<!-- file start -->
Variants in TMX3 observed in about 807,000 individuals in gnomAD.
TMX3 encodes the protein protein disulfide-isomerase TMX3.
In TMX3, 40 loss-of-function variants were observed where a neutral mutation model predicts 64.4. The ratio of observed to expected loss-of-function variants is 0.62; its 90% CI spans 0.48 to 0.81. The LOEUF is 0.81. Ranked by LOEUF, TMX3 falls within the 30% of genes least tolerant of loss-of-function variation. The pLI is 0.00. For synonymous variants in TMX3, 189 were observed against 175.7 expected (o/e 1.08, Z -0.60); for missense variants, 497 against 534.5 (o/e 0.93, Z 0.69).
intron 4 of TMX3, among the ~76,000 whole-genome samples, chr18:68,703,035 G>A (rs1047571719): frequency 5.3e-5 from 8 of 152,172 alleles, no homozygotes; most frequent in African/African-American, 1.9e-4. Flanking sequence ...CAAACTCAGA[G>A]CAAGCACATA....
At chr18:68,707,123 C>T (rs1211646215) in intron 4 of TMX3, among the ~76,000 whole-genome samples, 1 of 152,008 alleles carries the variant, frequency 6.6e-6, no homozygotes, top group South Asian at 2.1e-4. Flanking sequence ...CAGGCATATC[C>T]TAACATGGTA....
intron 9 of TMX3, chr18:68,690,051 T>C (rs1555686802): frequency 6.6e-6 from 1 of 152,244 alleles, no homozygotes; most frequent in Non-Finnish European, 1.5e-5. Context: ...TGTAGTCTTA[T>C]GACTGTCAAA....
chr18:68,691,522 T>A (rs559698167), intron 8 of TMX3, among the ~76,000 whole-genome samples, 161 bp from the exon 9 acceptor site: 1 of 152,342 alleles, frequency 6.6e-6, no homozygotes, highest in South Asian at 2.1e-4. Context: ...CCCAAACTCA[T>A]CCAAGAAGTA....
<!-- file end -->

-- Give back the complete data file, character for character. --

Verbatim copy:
Variants in TMX3 observed in about 807,000 individuals in gnomAD.
TMX3 encodes the protein protein disulfide-isomerase TMX3.
In TMX3, 40 loss-of-function variants were observed where a neutral mutation model predicts 64.4. The ratio of observed to expected loss-of-function variants is 0.62; its 90% CI spans 0.48 to 0.81. The LOEUF is 0.81. Ranked by LOEUF, TMX3 falls within the 30% of genes least tolerant of loss-of-function variation. The pLI is 0.00. For synonymous variants in TMX3, 189 were observed against 175.7 expected (o/e 1.08, Z -0.60); for missense variants, 497 against 534.5 (o/e 0.93, Z 0.69).
intron 4 of TMX3, among the ~76,000 whole-genome samples, chr18:68,703,035 G>A (rs1047571719): frequency 5.3e-5 from 8 of 152,172 alleles, no homozygotes; most frequent in African/African-American, 1.9e-4. Flanking sequence ...CAAACTCAGA[G>A]CAAGCACATA....
At chr18:68,707,123 C>T (rs1211646215) in intron 4 of TMX3, among the ~76,000 whole-genome samples, 1 of 152,008 alleles carries the variant, frequency 6.6e-6, no homozygotes, top group South Asian at 2.1e-4. Flanking sequence ...CAGGCATATC[C>T]TAACATGGTA....
intron 9 of TMX3, chr18:68,690,051 T>C (rs1555686802): frequency 6.6e-6 from 1 of 152,244 alleles, no homozygotes; most frequent in Non-Finnish European, 1.5e-5. Context: ...TGTAGTCTTA[T>C]GACTGTCAAA....
chr18:68,691,522 T>A (rs559698167), intron 8 of TMX3, among the ~76,000 whole-genome samples, 161 bp from the exon 9 acceptor site: 1 of 152,342 alleles, frequency 6.6e-6, no homozygotes, highest in South Asian at 2.1e-4. Context: ...CCCAAACTCA[T>A]CCAAGAAGTA....